Differences in net worth between elderly black people and elderly white people.
|Article Type:||Statistical Data Included|
Aged (Economic aspects)
Finance (Demographic aspects)
Ozawa, Martha N.
|Publication:||Name: Social Work Research Publisher: National Association of Social Workers Audience: Academic; Trade Format: Magazine/Journal Subject: Sociology and social work Copyright: COPYRIGHT 2000 National Association of Social Workers ISSN: 1070-5309|
|Issue:||Date: June, 2000 Source Volume: 24 Source Issue: 2|
|Geographic:||Geographic Scope: United States Geographic Code: 1USA United States|
The economic well-being of elderly people is determined partly by
how many assets they have. This article presents the findings of a study
on the differences in the level of net worth held by white elderly
people and black elderly people and the correlates of net worth of these
two groups. The study found an enormous difference in net worth of these
groups, even after other variables were held constant. Regression
results indicated that whereas both lifetime earnings and human capital
variables are significant predictors of the net worth of white men,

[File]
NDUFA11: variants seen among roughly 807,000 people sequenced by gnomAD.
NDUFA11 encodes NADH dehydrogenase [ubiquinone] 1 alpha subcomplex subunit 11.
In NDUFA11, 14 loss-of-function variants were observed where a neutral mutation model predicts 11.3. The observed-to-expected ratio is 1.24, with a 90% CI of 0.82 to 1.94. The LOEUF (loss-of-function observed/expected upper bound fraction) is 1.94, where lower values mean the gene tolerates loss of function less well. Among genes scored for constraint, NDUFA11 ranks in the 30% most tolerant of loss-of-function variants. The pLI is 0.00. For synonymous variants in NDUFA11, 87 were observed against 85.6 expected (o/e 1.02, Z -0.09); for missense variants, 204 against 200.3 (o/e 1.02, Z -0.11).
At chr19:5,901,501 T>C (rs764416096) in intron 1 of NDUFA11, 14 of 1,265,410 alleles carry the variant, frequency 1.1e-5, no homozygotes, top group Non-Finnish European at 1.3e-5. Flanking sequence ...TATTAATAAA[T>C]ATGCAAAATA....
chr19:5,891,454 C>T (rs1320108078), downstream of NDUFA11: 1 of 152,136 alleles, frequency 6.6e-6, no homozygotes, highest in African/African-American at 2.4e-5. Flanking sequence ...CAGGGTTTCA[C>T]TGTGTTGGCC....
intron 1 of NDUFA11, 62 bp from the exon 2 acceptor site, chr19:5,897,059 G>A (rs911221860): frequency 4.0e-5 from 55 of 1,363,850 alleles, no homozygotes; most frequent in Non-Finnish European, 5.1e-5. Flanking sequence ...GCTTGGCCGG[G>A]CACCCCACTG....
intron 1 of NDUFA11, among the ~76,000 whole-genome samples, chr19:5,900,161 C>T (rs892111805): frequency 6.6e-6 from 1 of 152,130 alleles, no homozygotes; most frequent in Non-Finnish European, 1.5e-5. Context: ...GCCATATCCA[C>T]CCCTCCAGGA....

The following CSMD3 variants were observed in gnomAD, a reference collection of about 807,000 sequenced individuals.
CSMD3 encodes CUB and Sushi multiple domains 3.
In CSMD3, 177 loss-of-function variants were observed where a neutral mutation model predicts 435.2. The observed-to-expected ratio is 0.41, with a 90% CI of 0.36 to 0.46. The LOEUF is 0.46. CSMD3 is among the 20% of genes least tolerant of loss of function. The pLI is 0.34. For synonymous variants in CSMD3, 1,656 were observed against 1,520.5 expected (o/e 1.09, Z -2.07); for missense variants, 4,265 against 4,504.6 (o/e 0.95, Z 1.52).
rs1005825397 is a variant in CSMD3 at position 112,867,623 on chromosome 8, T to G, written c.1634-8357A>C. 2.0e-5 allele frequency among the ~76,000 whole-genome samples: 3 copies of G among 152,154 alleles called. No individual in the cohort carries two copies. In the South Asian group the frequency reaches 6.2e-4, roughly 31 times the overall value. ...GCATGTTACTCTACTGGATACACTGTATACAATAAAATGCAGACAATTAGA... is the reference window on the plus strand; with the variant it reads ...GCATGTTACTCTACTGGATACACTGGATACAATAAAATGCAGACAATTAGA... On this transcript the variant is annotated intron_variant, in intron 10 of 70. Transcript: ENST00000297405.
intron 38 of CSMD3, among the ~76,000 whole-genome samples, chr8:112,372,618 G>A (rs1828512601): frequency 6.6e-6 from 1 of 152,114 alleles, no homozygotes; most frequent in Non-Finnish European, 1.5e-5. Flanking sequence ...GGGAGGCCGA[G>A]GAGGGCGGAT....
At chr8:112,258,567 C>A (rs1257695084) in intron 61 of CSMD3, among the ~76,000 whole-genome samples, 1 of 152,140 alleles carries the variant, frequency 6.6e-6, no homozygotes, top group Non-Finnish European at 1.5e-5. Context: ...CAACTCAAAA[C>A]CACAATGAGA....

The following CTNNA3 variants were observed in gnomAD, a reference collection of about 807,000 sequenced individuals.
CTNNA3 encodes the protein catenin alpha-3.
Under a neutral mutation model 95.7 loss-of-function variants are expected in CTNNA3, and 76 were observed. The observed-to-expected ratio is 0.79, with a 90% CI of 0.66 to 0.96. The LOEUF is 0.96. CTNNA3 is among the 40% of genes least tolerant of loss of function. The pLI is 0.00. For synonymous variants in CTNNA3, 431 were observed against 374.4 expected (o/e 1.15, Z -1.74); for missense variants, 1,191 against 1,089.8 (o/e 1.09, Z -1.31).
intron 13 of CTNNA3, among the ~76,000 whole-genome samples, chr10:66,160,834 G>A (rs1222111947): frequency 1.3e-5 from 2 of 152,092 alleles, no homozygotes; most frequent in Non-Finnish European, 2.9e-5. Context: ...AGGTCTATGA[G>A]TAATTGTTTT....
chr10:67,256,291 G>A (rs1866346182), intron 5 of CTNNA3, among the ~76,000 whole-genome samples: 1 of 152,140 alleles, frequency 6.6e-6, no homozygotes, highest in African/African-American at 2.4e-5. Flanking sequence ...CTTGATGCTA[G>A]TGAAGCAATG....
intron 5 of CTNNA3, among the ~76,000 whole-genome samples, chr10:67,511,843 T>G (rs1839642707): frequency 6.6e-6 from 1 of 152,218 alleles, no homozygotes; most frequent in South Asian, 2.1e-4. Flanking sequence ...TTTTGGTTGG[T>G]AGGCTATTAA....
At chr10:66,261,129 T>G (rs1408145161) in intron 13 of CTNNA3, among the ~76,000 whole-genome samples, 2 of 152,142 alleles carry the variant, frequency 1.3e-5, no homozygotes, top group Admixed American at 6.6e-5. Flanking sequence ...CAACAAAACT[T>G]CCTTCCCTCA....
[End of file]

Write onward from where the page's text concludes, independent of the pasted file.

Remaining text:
these variables have little or no bearing on the net worth of black men.
Separate analyses of data for white women and black women found that
human capital variables are significant predictors of the net worth of
white women, but variable lifetime earnings is the significant predictor
of the net worth for black women.
Key words: economic security; net worth; old age; race
With the 21st century rapidly approaching, the public stance on the economic well-being of elderly people is changing. The philosophy behind the Social Security Act of 1935 was to help the nation share the risk of losing earnings because of old age and to pool the resources to ensure income security in old age for everyone. But the financial viability of social security began to be questioned in the 1970s, and since then, the idea of the privatization of social security has gained currency. Indeed, the centerpiece of one of the three reform proposals--the Personal Security Accounts (PSA) plan--made by the Advisory Council on Social Security, 1994-1996 (1997) is the privatization of a large part of social security. The spread of individual retirement accounts (IRAs), 401(k) plans, and Keogh accounts compounded the development of individual responsibility to ensure individuals' income security in old age.